If you live in Richmond, here's the new site you should be reading: Hometown Junket. This project, conceived and edited by Phillip Gravely (who between the hours of nine and five is UR's Director of Web and Editorial Strategy) aims to "put the voice of the community back in the hands of its storytellers, calling them to arms and giving them a unified charge—tell the story of your hometown."
I'm currently in the middle of working on a piece for HJ, and I'm stoked to see how many amazing stories people have turned up right off the bat. Briget Ganske's short video on Mrs. Yoder's Doughnuts and Jason Hatcher's account of his life as a CSX train conductor are particularly great snapshots of life in and around the River City today.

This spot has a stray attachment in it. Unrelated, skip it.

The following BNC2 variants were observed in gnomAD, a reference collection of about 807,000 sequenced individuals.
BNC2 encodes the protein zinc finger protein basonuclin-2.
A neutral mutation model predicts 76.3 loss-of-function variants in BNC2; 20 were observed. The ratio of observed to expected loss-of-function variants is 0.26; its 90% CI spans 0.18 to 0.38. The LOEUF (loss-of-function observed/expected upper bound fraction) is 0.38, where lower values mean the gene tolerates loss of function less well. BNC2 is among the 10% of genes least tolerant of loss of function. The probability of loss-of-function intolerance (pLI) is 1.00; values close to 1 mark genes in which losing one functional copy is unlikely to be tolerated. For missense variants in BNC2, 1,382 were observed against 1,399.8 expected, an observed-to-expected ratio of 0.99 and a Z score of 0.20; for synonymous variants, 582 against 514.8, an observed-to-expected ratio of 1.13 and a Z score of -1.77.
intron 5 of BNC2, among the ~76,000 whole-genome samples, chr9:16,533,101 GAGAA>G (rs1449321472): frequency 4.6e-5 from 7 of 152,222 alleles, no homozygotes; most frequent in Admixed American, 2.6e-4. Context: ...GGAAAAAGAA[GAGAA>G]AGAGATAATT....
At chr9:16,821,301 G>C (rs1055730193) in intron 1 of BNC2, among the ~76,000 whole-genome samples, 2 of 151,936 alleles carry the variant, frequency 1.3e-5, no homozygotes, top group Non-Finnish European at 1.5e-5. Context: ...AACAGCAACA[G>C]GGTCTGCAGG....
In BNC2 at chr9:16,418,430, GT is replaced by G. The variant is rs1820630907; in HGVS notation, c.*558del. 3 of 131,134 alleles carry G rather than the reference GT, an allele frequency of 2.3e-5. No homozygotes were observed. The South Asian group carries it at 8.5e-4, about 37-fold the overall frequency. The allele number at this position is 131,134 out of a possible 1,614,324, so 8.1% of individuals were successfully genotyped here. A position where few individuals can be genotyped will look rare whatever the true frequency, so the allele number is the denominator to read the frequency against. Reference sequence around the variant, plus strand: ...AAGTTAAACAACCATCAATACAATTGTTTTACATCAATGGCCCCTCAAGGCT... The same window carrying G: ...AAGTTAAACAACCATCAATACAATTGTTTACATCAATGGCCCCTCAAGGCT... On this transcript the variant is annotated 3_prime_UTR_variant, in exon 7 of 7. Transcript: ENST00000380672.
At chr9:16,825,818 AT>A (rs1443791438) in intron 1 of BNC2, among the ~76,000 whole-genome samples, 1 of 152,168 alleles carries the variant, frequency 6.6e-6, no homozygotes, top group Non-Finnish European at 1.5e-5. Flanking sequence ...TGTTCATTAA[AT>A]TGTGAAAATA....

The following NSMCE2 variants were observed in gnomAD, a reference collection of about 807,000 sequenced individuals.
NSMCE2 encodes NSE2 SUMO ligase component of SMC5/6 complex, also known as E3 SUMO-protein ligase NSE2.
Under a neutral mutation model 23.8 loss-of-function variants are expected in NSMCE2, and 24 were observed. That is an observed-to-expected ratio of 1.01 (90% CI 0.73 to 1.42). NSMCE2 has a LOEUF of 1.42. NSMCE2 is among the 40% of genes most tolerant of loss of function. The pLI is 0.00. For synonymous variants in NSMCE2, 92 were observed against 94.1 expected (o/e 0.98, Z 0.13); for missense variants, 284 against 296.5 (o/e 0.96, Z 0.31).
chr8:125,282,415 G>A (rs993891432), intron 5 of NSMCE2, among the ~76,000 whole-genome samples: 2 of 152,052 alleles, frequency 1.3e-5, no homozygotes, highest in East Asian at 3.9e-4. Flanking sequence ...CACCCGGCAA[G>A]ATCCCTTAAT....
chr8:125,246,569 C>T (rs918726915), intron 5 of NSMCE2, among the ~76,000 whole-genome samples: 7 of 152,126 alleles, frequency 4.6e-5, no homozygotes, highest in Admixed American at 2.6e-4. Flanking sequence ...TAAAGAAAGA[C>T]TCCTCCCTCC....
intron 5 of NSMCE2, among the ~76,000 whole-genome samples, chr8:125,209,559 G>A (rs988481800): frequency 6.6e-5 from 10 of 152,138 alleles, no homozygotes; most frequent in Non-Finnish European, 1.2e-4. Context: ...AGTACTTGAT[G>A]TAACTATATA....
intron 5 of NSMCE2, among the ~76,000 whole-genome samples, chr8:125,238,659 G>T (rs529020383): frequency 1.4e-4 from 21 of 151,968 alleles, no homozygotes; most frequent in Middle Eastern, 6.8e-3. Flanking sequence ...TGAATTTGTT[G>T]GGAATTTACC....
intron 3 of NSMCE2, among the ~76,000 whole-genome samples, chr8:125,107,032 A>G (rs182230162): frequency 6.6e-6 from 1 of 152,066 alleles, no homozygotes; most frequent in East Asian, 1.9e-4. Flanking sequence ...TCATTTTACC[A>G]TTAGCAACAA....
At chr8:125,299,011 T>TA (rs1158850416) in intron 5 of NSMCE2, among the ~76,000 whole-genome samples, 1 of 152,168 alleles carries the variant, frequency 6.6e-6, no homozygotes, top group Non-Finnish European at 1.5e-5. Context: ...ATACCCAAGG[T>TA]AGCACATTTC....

A snippet from the latter:
Railroaders may see some bad things from time to time, but they also see a lot of beautiful things. My favorite is taking the trains from Clifton Forge into Richmond. We take ‘em down the mainline on the James River Subdivision, which becomes the Rivanna Subdivision at Gladstone and Melton’s Lock. It’s a long ride — usually about a 12-hour shift — but I see the countryside and the mountains, all the way from J.D. Cabin and Iron Gate, down the James, and on into Richmond. Although I’m focused on being in charge of that train, I realize how beautiful of an “office” it is.
I like it when we get down to about Nine Mile Lock, Westham, Korah, Pump House, and all that, because I know we’ll be in Richmond soon, and we’ll either tie it down past Hacksaw Bridge and Texas Beach at Brown’s Island, or we’ll talk to the Fulton Yardmaster and take it on in past D.X. Cabin and Rivanna Junction, into Fulton Yard.
I don't even know where half of these places are—yet. But Mr. Hatcher's story offers a window onto the city and Central Virginia that I've never looked through, and it's to Phillip and Hometown Junket's credit that so many people now have access to that view.